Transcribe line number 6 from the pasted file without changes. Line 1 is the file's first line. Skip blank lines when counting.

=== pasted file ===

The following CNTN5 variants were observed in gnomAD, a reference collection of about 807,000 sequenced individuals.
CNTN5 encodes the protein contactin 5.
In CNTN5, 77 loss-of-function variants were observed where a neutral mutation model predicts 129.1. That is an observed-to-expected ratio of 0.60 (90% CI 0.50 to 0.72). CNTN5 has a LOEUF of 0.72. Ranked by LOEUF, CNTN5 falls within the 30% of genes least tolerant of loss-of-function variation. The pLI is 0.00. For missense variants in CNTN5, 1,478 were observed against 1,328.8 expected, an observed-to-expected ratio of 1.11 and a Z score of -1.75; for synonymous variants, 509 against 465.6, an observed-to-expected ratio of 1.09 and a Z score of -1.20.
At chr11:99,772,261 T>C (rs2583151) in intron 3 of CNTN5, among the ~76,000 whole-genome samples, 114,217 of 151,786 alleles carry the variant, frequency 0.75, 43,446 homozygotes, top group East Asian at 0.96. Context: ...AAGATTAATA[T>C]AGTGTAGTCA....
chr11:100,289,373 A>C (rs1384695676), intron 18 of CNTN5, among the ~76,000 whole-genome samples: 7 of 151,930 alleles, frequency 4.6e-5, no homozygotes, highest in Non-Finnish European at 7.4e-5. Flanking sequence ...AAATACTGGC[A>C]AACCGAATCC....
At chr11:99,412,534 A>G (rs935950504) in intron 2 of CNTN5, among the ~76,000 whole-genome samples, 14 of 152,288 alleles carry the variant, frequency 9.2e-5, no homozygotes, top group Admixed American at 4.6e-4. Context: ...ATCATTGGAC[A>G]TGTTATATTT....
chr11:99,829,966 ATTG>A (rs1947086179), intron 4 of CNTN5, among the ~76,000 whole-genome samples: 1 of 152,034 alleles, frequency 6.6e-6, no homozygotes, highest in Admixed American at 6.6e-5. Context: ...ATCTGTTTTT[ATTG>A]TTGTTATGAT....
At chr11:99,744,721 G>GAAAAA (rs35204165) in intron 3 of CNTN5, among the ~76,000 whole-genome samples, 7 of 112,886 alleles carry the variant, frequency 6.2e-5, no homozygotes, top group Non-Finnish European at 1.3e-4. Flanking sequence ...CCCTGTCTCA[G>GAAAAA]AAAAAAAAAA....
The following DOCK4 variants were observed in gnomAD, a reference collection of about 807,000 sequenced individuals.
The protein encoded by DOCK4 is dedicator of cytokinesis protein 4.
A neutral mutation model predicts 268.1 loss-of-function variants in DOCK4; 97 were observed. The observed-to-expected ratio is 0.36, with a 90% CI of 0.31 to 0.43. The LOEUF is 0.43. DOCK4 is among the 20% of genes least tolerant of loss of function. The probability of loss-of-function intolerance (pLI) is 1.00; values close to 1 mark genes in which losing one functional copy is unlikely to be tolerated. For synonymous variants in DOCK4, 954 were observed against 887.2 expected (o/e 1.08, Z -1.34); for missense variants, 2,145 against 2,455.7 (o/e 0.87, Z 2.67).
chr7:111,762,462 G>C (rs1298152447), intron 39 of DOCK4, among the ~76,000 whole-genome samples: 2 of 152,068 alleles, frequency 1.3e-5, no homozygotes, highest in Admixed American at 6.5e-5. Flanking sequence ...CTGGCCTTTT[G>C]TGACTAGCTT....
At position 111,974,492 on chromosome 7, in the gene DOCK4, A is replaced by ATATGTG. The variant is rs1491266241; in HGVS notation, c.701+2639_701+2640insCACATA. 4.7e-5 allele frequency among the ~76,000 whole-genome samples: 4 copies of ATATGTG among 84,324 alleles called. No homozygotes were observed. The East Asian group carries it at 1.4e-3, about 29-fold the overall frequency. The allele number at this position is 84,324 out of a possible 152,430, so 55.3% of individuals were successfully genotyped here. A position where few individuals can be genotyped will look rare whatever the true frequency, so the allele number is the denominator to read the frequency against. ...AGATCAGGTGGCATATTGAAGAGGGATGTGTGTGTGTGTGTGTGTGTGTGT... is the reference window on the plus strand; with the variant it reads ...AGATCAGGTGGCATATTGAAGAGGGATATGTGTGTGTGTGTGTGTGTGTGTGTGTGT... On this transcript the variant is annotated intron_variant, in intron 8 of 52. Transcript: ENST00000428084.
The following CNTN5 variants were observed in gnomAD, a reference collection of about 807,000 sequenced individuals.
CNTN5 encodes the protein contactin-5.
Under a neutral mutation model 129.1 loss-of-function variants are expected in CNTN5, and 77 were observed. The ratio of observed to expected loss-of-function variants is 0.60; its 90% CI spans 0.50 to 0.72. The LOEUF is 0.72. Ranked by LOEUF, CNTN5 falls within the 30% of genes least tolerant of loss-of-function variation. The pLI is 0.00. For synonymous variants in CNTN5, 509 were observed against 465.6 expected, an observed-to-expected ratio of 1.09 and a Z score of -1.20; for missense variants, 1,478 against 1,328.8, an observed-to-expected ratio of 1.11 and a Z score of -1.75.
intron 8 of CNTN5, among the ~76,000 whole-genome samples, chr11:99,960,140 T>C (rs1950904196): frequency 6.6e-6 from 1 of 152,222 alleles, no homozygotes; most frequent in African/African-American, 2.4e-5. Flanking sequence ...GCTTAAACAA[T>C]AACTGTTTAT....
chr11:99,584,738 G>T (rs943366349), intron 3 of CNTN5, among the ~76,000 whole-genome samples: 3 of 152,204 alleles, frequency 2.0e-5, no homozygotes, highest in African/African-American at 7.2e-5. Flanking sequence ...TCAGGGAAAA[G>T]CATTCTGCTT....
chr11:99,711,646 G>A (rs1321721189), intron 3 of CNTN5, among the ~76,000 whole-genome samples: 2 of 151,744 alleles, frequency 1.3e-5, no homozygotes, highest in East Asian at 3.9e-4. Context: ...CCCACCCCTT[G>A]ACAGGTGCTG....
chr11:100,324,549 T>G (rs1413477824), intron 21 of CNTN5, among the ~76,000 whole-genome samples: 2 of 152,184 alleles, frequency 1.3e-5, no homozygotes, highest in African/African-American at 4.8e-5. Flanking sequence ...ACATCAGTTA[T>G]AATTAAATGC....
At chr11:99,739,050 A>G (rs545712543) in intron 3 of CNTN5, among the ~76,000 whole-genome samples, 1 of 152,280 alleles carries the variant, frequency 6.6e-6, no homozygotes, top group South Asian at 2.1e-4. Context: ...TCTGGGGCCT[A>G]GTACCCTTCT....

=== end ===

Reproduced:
At chr11:99,412,534 A>G (rs935950504) in intron 2 of CNTN5, among the ~76,000 whole-genome samples, 14 of 152,288 alleles carry the variant, frequency 9.2e-5, no homozygotes, top group Admixed American at 4.6e-4. Context: ...ATCATTGGAC[A>G]TGTTATATTT....